The Super Bowl, the Olympics and basketball – with baseball warming up in the bullpen – this is the time of year when the competition’s hot and the beer better be ice cold. Turn up the volume on the flat-screen TV, and unleash the adrenalin. Suddenly, it’s clear that there are only two kinds of men: the lucky ones with their own man caves, and the ones who envy them.
Rich Parry is one of the lucky ones.
At last, his dream is an action-packed reality, and a visit to his special space confirms why.
“How many guestrooms do you need?” he laughed. “All I wanted was to turn a seldom used part of the house into a place that’s my personal paradise.”
A large bar, made of oak and knotty alder, is an impressive focal point in the room. Its foot rails hail from old mine-car days.
The fridge is well stocked with beer and drinks – oh yes, and plenty of Guinness on hand for St. Patrick’s Day.
Sit on one of the bar stools facing the bar, and enjoy far reaching views of the foothills and the sundeck. Face the other way, and there’s a 50 inch wall-mounted screen – ready for you to cheer for your team or boo the referee.
There’s a colorful popcorn machine, a vintage dial phone on the wall, a large games table, and two inviting sofas. The room is both contemporary and nostalgic.
Let the good times rock ‘n’ roll
An old record player with favorite 33 1/3 rpm albums brings back many a memory. A large framed photo of Rich from his own football playing days adds a personal touch. There is plenty of Marine Corps memorabilia as well, including a framed tribute to highly-decorated Lieutenant General Lewis B. “Chesty” Puller. Rich served in the U.S. Marine Corps, and has a deep loyalty and admiration.
It may be a man cave, but wife Eileen has certainly added her own Celtic influence. Eileen is from Boston, and her father came from County Mayo. You don’t have to look far to see Irish pub-style accessories that add to the character and charm here and throughout their 2,700 square foot Nevada City house.
Let’s take a look at the rest of this hillside home, set on five picturesque acres above Deer Creek. Ironically, artist and long-time friend Rick Morrall was the home’s architect. (Some readers may remember that I featured the Morrall home in a column I wrote last March.) Since Rich is a retired carpenter and manager for a Bay Area construction company, their combined skills were focused and effective. Add Eileen’s natural flair for colors and placement – and their collaboration created a warm-and-welcoming, East Coast-style, family home, with frequent visits from grandchildren. John Sample of Sample Construction also gets kudos for turning plans and good ideas into a home that welcomes family, friends and neighbors (for many a good party happens here).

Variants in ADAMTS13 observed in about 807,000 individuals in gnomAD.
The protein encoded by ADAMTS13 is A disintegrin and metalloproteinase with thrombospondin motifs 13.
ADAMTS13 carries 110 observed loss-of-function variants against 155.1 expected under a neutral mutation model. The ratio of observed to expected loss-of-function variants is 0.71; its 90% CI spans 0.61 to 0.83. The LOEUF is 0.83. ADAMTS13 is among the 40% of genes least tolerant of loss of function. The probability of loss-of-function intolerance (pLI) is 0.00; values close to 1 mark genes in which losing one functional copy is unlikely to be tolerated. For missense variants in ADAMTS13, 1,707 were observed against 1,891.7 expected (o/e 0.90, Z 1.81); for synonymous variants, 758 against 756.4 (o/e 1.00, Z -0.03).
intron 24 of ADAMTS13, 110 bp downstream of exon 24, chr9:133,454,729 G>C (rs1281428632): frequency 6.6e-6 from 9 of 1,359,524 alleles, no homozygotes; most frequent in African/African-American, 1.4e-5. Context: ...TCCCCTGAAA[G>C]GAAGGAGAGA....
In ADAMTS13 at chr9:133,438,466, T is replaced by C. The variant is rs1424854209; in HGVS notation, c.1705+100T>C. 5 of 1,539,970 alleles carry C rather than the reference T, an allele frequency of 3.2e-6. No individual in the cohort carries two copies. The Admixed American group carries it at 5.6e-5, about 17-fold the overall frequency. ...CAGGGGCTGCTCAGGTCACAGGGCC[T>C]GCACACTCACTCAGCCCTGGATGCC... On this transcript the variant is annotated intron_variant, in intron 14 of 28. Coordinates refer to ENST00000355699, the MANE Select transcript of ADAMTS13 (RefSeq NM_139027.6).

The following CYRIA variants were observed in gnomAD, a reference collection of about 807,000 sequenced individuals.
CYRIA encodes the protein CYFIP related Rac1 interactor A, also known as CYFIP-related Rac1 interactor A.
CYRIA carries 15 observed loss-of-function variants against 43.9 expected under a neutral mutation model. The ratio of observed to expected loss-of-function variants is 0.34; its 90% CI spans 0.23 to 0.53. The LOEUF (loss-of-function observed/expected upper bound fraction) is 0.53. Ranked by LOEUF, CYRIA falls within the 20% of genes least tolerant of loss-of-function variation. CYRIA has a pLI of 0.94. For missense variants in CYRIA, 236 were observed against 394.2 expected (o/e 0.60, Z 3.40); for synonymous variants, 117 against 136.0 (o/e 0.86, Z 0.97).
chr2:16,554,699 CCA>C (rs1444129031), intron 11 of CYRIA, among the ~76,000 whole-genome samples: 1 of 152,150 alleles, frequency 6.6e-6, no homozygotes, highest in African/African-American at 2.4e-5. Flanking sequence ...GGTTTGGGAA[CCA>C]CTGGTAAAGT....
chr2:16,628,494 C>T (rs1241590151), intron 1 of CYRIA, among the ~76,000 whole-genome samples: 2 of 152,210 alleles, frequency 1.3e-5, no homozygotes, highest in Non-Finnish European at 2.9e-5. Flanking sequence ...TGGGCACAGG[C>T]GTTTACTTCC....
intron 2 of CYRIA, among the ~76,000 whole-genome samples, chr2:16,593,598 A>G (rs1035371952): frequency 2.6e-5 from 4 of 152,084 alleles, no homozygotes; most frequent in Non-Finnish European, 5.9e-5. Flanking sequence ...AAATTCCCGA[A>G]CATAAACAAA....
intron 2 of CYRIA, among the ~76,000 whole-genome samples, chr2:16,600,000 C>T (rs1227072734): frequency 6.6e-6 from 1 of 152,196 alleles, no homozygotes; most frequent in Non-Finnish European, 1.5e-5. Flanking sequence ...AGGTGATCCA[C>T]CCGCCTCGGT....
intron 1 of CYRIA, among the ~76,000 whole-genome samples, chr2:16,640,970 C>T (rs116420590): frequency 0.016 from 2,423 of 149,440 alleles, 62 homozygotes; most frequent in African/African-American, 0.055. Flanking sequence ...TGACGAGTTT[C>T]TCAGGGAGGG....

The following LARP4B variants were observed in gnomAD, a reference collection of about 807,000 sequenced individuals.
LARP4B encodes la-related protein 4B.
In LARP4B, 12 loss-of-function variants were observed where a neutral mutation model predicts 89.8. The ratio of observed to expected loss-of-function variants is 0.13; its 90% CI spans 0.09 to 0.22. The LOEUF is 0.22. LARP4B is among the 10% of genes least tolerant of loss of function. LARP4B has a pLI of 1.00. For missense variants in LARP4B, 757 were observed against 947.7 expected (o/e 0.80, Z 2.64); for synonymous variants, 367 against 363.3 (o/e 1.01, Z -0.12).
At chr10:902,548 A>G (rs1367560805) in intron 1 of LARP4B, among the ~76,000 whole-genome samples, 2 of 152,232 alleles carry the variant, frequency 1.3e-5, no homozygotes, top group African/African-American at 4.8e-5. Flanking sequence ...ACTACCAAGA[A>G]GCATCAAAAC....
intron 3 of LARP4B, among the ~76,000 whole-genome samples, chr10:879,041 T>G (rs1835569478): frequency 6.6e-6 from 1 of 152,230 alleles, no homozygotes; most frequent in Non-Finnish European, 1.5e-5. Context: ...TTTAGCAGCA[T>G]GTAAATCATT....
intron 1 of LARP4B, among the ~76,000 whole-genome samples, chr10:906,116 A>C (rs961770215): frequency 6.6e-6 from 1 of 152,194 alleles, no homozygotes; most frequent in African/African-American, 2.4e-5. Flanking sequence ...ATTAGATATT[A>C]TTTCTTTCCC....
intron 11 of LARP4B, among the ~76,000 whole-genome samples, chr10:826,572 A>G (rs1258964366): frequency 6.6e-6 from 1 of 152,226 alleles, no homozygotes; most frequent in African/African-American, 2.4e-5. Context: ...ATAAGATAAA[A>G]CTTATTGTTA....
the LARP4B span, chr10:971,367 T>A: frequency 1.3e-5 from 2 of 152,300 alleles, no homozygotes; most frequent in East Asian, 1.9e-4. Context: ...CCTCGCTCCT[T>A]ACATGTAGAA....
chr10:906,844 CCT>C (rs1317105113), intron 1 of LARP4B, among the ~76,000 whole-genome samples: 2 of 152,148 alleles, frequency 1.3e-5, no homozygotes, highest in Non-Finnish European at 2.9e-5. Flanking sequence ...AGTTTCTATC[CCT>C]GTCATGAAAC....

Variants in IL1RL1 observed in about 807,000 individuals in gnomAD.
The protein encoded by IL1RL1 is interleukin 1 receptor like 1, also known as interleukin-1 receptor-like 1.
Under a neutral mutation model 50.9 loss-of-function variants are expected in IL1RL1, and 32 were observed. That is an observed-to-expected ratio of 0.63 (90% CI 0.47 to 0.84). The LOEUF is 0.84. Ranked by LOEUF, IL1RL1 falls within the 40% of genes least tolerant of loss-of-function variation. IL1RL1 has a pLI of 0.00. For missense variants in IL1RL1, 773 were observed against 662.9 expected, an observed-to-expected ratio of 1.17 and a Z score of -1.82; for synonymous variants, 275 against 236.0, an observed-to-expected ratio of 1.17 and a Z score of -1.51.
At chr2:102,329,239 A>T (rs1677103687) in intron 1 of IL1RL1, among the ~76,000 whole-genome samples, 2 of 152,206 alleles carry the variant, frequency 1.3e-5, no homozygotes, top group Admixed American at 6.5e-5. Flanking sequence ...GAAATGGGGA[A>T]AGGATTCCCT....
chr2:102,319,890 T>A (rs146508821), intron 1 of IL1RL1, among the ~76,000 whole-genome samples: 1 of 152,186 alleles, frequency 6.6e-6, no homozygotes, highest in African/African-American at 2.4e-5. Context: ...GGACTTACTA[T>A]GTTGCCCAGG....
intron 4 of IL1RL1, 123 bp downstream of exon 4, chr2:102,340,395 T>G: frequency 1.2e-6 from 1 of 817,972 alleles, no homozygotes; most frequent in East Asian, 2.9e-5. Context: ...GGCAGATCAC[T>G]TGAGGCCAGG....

“One feature I truly enjoy,” Eileen told me, “is the way the front door opens to the spectacular views at the back of the house. I worked in the Bay Area as an advertising executive for many years, and for a city girl like me, this view is pure magic.”
Originally, Rich and Eileen simply wanted this to be their weekend home.
“When it was completed in 2004,” Rich added, “we liked it so much we decided to live here full time.”
They’ve both become active community members. Rich volunteers at North Star Mine and collects toys on behalf of Toys for Tots, while Eileen is active in Helpline.
I can understand why this is a wonderful home for entertaining. The relaxed, open floor plan makes the most of the natural light and views. The entry way is large and inviting. The bamboo flooring and wood-burning stove, surrounded by El Dorado stone, give it a natural, homespun kind of warmth, reinforced by traditional white coving and baseboards. The kitchen features granite counter tops and white wainscot cabinets. By the way, Eileen collects rocking horses, carousel horses and other equine art. However, if you look near the mantle, there’s a large China bulldog named “Chesty.” The bulldog, by the way, is the Marine Corps mascot.
Outside Rich has been busy putting his masonry skills to work, building retaining walls and pillars at the top of the drive. They live in a fire-wise community, so their landscaping is minimal with plenty of defensible space.
Now it’s only fair. Since Rich has his own man cave, doesn’t Eileen deserve her own private space as well? You’ll be pleased to know that she does, indeed, have her own studio.
“I’m not particularly arty,” she admitted. “Frankly, sometimes I just want to be alone in a sweet, quiet place.” That’s another aspect of this home’s appeal. It’s ideal for socializing, yet it’s built for privacy as well. A good book or a good game? Your call in the Parry home!
Courtney Ferguson has written home-and-lifestyle articles for many years, both in Nevada County and in England. Contact her at firstname.lastname@example.org.